Karl’s Chronicles Article 28 Cameroon – Antiquated Modernism
The trace perceptions of an idea hang on the tree like the last defiant leaves in the thrashings of a bleak winter. Out of reach and separate until by natures design they finally relent, swaying down to muddy earth. Either rotting, a forgotten idea blending back into the soil or swept up amongst others and undistinguishable to the masses. An article follows a similar course, rarely does it come fully formed but only with sketchy outlines crossed with frenzied brush strokes. Ideas that may or may not develop beyond lines and curves into understandable illustrations. Just like the leaves, if left untouched, they rot and putrefy. No longer a trace with subtle definitions, but a fused nondescript pile. Its beauty lost into a confusion of sweeping ugliness. But the rot germinates new life. Again taking trace form as the shoot, guided by the sun, grows and blossoms into an iridescent fully-formed article.
Ideas get swept around, back and forth, accepted and rejected, frequently inchoate. Pumped up and bolstered by research or floundered by the foibles of life. I had been scratching my head for several days to add the fine attire to a body of an idea. Something different but authentic, interesting to a reader without repetition. It could be easy to judge that a journey across Africa would uncover too many stories to keep up with, but time and human behaviour is one of boundless repetition. Schedules and rotas, itineraries and plans, self-designed or set by others, we follow their course with assured faith as the earth spins around the sun. As E. M. Forster once wrote ‘Adventures do come, but not when we want them to.’ Adventures like articles are arbitrary in their formation, and sometimes require adroit skill in their realisation. Only becoming conscious long after conception.
Perched at the top of the square like a wise owl surveying the pitter-patter beneath, sat the grubby white rectangle of the museum. It’s pair of dark square windows glaring across the artisans squatting outside their small emporiums, enclosed from the inside world by the fabric partition of a faded curtain. The Musée des Arts et Traditions Bamoun had flowered from the rich art collection of Salle Mosé Yeyap, a patron of the arts during the reign of King Njoya. Initially, a private collection before the declaration of a museum made it accessible to all.
I had read about the museum and drew on the idea it would bolster the weight of the sultan’s palace and the kingdom’s history. Both presented artefacts which recorded prime events such as war, festivals and music. The battles between the Bamun and their Tikar, Fula, and Bamiléké neighbours. Long spears and tarnished cutlasses, even a macabre victory calabash, incongruously offset with a skull and jawbones from an enemy warrior. An xylophone decorated with snakeheads in tune to the kingdom’s coat of arms, and smoking pipes over two metres in length sounded exceptional. Why? You would have to stand on a chair or lay down like an opium addict to smoke it. All of this resonated a perfect accompaniment to continue the flow of its predecessor. Of sultans, of absolute rulers before the interference of European empires and national independence redesigned the landscape.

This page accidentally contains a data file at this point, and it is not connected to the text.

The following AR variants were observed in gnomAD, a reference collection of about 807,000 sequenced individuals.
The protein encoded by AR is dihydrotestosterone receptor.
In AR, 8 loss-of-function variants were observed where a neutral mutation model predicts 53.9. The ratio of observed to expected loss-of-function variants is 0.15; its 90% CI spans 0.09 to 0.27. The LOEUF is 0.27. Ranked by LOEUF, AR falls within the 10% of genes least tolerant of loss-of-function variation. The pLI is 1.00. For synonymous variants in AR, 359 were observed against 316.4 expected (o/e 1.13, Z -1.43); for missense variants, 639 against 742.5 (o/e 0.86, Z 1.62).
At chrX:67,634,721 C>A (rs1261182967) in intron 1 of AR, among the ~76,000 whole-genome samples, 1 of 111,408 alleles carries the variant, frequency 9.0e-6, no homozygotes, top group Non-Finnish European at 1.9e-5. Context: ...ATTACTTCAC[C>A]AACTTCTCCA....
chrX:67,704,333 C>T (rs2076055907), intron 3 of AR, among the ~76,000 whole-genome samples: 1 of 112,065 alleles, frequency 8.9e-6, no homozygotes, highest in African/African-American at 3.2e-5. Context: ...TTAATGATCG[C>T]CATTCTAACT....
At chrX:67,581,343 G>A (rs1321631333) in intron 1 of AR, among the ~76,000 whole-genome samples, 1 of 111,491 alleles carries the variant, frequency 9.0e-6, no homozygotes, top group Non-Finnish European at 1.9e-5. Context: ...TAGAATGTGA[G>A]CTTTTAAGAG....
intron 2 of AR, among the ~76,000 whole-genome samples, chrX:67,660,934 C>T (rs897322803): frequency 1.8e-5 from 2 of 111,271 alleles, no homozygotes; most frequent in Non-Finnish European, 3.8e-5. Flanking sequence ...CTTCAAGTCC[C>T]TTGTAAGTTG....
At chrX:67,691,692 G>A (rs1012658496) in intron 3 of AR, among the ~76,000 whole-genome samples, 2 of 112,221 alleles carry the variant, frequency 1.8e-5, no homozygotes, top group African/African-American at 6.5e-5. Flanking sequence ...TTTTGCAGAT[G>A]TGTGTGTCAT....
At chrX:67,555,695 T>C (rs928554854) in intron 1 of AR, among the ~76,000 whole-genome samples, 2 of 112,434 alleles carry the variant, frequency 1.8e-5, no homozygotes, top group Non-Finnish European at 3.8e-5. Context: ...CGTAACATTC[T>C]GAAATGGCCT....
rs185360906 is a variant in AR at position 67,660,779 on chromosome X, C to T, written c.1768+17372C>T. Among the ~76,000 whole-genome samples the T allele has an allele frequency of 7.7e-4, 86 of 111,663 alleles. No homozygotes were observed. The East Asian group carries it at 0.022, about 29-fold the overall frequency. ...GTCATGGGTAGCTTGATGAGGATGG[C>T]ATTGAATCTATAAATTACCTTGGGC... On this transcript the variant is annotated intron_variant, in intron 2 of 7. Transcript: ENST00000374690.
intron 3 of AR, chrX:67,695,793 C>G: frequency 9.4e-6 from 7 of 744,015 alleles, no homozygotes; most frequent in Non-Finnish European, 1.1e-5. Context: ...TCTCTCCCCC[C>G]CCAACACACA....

Half a dozen male youths sat along the broad lower steps of the museum, beneath a set of carved doors that remained shut. On enquiry, the museum would re-open in fifteen minutes at midday. Noon came and went, and still, the doors stood procrastinatory closed. Another chap conferred with his colleague, seeing me shuffle my feet in the coppery dust that stretched like a moat around the building. ‘The museum is closed until next week’, he said under a fit of sneezing, ‘the curator is sick and has gone to Douala.’
From mere minutes to an entire week, how the time frame had quickly jumped. I asked if no one else had a key? Did the museum as a whole only function by the activities of one. Undoubtedly one of these chaps could open up and escort the occasional visitor around. Silence hovered for a moment, a shifting of heads as they contemplated the idea. The same guy looked up like an elder holding consultation and said ‘no.’ Casually removing the prints and patterns of a forming idea like the gentle sweep of an incoming tide.
Momentarily defeated and creatively disorientated, I answered the bleating calls of several artisans, passing through the curtain into a gossamer interior that smelt of wood smoke. Some no grander than an under-stairs recess. Little space maximised by shelves and hooks that held up row upon row of wooden faces. Bug-eyed over aquiline noses and voluptuous heart-shaped lips. One felt a pressing judgement of being on trial or the growing expectation to perform. In a gallery or theatre of Jim Henson’s outlandish doing. Dozens of lifeless eyes grounding your presence as the one of abnormality. Aziz wavered behind me like the hand of a giant clock, trying to ascertain my evaluations by reading the back of my head. I came to the point of expecting these masks to open an energetic, rambling and nonsensical dialogue, like children whose teacher has just proposed an interesting question.